AIDS ACTION. 1988 Dec; (5):3-4.The 1988 Consultation on Acquired Immunodeficiency Syndrome (AIDS) and the Workplace, organized by the World Health Organization (WHO), addressed 3 issues: 1) risk factors associated with human immunodeficiency virus (HIV) infection in the workplace, 2) the response of businesses and workers to the AIDS epidemic, and 3) use of the workplace for AIDS education. There is no evidence to suggest that HIV can be transmitted by casual, person-to-person contact in the workplace. The central policy issue for businesses concerns protection of the human rights of workers with HIV infection. Most workers with HIV/AIDS want to continue working as long as they are able to, and they should be enabled to contribute their creativity and productivity in a supportive occupational setting. Consistent policies and procedures should be developed at national and enterprise levels before HIV-related questions arise in the workplace. Such policies should be communicated to all concerned, continually reviewed in the light of scientific and epidemiologic evidence, monitored for their successful implementation, and evaluated for their effectiveness. Pre-employment HIV/AIDS screening, whether for assessment of fitness to work or for insurance purposes, should not be required and raises serious concerns about discrimination. Moreover, there should be no obligation on the worker's part to inform his or her employer if HIV infection develops. Information and educational activities at the workplace are essential to create the climate of collective responsibility and mutual understanding required to protect individuals with HIV or AIDS from stigmatization and discrimination by co-workers, employers or clients, and unions.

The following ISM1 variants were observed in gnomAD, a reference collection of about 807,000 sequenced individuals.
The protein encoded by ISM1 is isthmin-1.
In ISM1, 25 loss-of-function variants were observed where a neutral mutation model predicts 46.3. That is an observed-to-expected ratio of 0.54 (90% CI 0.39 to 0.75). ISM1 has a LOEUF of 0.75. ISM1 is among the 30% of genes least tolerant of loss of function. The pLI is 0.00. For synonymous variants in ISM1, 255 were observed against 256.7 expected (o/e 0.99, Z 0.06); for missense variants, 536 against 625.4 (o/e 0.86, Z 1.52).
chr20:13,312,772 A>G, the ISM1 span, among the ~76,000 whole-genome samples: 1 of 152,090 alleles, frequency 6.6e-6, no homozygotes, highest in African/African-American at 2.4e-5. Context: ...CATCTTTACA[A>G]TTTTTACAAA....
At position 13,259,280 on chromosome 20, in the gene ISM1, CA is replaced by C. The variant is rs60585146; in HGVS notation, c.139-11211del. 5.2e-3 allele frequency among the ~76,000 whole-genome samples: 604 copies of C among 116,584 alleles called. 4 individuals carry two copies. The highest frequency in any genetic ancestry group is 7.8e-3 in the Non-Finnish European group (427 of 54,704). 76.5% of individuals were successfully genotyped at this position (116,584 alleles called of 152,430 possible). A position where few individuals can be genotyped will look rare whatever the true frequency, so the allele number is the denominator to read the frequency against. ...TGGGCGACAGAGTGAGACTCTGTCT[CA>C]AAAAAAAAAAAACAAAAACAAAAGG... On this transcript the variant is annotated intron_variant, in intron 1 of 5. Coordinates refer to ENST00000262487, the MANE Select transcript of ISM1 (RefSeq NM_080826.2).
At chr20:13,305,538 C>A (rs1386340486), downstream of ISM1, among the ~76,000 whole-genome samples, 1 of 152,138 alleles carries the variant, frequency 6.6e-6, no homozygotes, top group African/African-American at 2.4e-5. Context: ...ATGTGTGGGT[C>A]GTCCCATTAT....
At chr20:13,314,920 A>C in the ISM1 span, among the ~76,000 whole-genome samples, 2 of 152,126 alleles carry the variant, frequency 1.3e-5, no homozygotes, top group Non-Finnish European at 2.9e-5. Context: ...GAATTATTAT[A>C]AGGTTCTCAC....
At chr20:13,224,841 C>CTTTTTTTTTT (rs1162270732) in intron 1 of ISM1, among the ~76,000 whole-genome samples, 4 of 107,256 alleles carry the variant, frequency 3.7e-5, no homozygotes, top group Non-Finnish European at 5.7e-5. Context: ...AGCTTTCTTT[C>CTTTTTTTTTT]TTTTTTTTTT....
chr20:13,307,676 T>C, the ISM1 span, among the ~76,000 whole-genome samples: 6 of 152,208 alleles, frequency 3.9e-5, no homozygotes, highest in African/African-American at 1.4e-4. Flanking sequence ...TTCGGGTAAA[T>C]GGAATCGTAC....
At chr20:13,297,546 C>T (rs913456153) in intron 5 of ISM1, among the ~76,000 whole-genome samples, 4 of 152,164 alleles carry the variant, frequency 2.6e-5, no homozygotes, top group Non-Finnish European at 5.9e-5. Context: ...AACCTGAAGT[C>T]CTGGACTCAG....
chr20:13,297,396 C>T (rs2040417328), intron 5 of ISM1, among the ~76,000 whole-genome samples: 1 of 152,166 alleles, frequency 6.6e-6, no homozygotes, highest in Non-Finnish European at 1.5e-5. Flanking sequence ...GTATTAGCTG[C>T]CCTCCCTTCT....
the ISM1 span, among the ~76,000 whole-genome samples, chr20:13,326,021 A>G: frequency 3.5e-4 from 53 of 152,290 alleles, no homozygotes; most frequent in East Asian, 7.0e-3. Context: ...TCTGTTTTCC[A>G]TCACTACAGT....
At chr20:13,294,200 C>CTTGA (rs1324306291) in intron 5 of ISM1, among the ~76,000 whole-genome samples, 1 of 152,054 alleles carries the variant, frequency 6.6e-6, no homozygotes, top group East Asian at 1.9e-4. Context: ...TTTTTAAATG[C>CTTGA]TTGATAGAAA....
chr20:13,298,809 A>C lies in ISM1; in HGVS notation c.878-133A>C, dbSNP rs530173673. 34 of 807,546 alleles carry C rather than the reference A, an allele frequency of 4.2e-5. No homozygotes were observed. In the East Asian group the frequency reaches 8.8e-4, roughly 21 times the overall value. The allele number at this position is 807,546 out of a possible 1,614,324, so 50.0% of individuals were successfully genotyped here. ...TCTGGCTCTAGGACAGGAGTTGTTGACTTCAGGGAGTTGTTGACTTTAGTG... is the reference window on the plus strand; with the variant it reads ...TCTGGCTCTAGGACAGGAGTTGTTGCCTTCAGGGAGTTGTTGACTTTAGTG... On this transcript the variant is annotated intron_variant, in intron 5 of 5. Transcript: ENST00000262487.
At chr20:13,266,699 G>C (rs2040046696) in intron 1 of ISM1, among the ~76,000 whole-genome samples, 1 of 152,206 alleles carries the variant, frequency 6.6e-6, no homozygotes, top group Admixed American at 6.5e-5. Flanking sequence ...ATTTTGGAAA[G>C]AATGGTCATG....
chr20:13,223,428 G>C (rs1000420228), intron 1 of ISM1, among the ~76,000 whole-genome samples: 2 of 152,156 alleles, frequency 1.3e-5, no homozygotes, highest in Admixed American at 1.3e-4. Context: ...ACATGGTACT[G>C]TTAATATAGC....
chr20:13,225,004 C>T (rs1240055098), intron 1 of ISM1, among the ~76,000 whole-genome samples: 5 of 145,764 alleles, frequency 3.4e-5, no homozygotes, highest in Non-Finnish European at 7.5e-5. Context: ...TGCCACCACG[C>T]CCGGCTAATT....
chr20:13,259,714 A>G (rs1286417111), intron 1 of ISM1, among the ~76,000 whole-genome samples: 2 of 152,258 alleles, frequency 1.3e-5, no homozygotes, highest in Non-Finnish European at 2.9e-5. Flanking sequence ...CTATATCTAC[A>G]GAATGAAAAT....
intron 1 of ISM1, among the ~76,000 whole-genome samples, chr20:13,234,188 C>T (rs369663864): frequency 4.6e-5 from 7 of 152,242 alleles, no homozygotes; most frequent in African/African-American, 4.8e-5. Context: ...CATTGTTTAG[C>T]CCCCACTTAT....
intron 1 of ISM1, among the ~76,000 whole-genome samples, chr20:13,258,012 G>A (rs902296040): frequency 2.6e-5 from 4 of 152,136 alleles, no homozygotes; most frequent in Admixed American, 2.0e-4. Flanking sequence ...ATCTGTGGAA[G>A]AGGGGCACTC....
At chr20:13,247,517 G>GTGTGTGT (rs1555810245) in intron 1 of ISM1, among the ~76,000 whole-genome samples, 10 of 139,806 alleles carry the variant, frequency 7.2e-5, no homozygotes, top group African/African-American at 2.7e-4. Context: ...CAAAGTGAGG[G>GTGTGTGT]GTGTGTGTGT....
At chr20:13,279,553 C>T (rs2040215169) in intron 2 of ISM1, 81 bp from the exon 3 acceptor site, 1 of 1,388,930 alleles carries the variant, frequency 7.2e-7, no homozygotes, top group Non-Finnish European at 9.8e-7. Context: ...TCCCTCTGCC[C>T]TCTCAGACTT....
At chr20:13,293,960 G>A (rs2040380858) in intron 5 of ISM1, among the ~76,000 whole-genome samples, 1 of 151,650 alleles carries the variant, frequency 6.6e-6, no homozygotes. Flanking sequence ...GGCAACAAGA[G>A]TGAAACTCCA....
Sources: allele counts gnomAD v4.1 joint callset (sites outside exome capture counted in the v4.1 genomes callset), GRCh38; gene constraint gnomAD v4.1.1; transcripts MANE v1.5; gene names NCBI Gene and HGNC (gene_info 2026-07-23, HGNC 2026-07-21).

MCH NEWS PAC. 1987 Fall; 2(4):5, 11.Governmental policies and legislation aimed at validating the dual role of women as mothers and wage earners can significantly strengthen breastfeeding promotion efforts. Examples of such laws and policies are maternity leave, breastfeeding breaks at the workplace, allowances for pregnant women and new mothers, rooming-in at hospitals, child care at the worksite, flexible work schedules for new mothers, and a national marketing code for breastmilk substitutes. The International labor Organization (ILO) has played an important role in setting international standards to protect working mothers. The ILO defines minimal maternity protection as encompassing: a compulsory period of 6 weeks' leave after delivery; entitlement to a further 6 weeks of leave; the provision during maternity leave of benefits sufficient for the full and healthy maintenance of the child; medical care by a qualified midwife or physician; authorization to interrupt work for the purpose of breastfeeding; and protection from dismissal during maternity leave. In many countries there is a lack of public awareness of existing laws or policies; i.e., working women may not know they are entitled to maternity leave, or pediatricians may not know that the government has developed a marketing code for breastmilk substitutes. Overall, the enactment and enforcement of legislation can ensure the longterm effectiveness of breastfeeding promotion by raising the consciousness of individuals and institutions, putting breastfeeding activities in the wider context of support for women's rights, recognizing the dual roles of women, and institutionalizing and legitimating support for breastfeeding.